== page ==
Nasal Delivery of Acute Medications for Migraine: The Upper Versus Lower Nasal Space

Vincent Martin, John Hoekman, Sheena K. Aurora and Stephen B. Shrewsbury

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Abstract: The acute treatment of migraine requires effective drugs that are well tolerated and provide
rapid and consistent pain relief. Oral tablets are the most commonly used acute treatment for
migraine; however, their effectiveness is limited by the rate of gastrointestinal (GI) tract absorption
and first-pass hepatic metabolism, and they may not be ideal for patients experiencing GI motility
issues. Nasal delivery is an attractive alternative route as it may circumvent GI tract absorption,
avoid first-pass metabolism in the liver, and potentially reduce the frequency of GI adverse events.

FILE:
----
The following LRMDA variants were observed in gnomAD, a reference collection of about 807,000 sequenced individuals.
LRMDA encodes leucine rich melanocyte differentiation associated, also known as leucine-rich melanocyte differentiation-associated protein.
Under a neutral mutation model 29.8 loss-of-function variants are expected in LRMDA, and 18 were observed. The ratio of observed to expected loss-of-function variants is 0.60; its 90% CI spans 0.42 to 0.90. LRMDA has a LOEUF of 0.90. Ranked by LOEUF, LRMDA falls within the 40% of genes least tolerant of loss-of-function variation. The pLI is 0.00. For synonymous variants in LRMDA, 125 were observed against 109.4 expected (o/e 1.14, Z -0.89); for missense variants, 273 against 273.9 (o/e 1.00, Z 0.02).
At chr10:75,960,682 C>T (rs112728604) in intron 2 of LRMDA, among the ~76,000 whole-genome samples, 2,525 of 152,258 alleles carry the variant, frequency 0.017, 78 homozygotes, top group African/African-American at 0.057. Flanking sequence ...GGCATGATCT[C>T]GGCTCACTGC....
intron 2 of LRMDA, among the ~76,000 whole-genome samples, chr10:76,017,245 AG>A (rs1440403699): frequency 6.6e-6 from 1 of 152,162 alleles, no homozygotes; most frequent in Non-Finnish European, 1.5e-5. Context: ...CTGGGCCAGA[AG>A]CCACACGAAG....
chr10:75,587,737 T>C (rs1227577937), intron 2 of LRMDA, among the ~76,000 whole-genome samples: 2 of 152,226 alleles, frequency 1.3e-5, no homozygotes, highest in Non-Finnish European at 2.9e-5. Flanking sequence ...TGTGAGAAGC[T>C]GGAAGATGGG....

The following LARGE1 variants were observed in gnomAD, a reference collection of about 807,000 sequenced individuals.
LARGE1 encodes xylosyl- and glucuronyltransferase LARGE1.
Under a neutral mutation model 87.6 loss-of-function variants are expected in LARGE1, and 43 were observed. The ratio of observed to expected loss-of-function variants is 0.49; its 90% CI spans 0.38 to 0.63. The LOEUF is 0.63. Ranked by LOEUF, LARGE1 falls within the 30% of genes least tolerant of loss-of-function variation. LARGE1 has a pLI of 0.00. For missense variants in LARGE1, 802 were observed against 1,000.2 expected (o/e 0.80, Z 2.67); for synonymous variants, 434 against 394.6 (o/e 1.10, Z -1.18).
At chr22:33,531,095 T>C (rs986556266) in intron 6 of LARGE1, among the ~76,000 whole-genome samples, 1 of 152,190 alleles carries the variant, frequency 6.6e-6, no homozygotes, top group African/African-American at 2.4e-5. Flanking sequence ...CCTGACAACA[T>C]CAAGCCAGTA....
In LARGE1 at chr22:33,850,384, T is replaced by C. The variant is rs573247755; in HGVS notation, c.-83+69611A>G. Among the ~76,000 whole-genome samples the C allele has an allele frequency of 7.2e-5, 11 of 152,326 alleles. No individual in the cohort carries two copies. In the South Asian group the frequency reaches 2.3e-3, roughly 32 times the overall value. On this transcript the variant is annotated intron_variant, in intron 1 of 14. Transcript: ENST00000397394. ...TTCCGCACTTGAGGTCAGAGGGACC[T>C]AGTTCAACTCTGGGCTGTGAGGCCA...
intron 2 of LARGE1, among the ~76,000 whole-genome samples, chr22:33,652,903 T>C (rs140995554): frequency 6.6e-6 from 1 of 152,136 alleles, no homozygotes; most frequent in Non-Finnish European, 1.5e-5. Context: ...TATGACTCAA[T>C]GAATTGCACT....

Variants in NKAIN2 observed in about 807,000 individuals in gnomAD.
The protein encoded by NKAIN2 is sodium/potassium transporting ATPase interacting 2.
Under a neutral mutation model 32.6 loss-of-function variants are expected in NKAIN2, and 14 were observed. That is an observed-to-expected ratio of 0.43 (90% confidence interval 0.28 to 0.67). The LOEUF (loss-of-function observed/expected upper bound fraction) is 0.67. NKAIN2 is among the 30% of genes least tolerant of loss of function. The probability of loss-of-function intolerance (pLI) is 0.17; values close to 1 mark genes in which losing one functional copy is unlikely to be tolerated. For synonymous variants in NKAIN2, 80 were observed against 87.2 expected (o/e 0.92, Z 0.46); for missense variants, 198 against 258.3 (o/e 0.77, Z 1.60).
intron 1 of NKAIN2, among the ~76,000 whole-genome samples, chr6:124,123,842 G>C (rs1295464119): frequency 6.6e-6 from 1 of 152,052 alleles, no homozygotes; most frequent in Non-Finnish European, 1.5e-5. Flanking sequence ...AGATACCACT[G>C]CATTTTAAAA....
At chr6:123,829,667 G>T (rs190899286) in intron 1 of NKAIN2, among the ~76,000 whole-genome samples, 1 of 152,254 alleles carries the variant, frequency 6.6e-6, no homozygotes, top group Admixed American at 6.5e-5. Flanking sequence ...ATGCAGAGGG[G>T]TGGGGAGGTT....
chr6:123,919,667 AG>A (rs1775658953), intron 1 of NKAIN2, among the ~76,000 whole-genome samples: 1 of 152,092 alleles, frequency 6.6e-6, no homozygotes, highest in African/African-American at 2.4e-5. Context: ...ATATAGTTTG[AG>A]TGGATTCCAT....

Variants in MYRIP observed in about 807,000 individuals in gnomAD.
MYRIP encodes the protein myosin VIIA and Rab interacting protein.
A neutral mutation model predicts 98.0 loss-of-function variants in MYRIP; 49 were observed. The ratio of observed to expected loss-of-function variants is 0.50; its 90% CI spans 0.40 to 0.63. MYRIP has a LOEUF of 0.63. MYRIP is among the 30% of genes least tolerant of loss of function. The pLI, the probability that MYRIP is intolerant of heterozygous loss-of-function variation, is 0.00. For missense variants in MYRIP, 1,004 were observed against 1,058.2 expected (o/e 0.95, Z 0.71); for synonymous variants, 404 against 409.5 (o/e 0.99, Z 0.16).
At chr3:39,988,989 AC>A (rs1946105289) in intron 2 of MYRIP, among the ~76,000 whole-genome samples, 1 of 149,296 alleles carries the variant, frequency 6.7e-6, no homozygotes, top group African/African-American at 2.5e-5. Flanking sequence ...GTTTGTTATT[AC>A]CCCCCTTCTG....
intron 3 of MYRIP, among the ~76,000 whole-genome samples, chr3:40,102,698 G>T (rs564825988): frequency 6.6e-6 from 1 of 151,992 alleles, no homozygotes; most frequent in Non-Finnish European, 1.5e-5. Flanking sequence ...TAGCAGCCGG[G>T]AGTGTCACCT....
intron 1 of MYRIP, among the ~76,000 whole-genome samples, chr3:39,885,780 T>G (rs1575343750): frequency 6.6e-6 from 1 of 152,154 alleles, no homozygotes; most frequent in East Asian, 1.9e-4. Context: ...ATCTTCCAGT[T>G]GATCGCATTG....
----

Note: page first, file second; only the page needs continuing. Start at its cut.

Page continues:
The large surface area and high vascularity within the nose may permit rapid absorption of therapeutics
into the systemic circulation, allowing for rapid onset of action. However, the site of drug
deposition (upper versus lower nasal cavity) may influence drug pharmacokinetics. Most approved
nasal migraine therapies target the lower nasal space where the epithelium is less permeable, and
they may be quickly cleared away due to increased ciliary function or dripping from the nose or
swallowing, resulting in variable absorption and limited bioavailability. Together with its abundant
vascularization, relative mucosal thickness stability, and low clearance rates, the upper nasal space
harnesses the benefits of nasal delivery to potentially maximize drug efficacy.

To cite: Martin, V.; Hoekman, J.; Aurora, S.K.; Shrewsbury, S.B. Nasal Delivery of Acute Medications for Migraine: The Upper Versus Lower Nasal Space. J. Clin. Med. 2021, 10, 2468.